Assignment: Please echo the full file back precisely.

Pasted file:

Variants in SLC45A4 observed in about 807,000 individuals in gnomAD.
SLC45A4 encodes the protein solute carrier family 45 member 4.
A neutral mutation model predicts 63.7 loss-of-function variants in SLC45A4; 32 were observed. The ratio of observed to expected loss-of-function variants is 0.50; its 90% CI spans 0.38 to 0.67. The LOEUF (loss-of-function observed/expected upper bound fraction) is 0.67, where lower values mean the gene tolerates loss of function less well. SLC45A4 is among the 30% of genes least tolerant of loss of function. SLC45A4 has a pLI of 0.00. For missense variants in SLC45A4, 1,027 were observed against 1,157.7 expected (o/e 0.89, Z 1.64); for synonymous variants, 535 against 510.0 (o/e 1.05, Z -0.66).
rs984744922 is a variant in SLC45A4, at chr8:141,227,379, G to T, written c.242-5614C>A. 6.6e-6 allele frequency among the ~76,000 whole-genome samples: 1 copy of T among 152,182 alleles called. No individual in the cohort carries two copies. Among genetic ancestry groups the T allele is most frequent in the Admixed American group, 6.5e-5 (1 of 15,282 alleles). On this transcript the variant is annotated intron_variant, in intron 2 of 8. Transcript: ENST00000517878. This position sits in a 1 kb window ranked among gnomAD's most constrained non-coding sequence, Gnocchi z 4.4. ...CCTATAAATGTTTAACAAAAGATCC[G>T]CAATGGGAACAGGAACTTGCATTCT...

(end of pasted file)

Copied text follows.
Variants in SLC45A4 observed in about 807,000 individuals in gnomAD.
SLC45A4 encodes the protein solute carrier family 45 member 4.
A neutral mutation model predicts 63.7 loss-of-function variants in SLC45A4; 32 were observed. The ratio of observed to expected loss-of-function variants is 0.50; its 90% CI spans 0.38 to 0.67. The LOEUF (loss-of-function observed/expected upper bound fraction) is 0.67, where lower values mean the gene tolerates loss of function less well. SLC45A4 is among the 30% of genes least tolerant of loss of function. SLC45A4 has a pLI of 0.00. For missense variants in SLC45A4, 1,027 were observed against 1,157.7 expected (o/e 0.89, Z 1.64); for synonymous variants, 535 against 510.0 (o/e 1.05, Z -0.66).
rs984744922 is a variant in SLC45A4, at chr8:141,227,379, G to T, written c.242-5614C>A. 6.6e-6 allele frequency among the ~76,000 whole-genome samples: 1 copy of T among 152,182 alleles called. No individual in the cohort carries two copies. Among genetic ancestry groups the T allele is most frequent in the Admixed American group, 6.5e-5 (1 of 15,282 alleles). On this transcript the variant is annotated intron_variant, in intron 2 of 8. Transcript: ENST00000517878. This position sits in a 1 kb window ranked among gnomAD's most constrained non-coding sequence, Gnocchi z 4.4. ...CCTATAAATGTTTAACAAAAGATCC[G>T]CAATGGGAACAGGAACTTGCATTCT...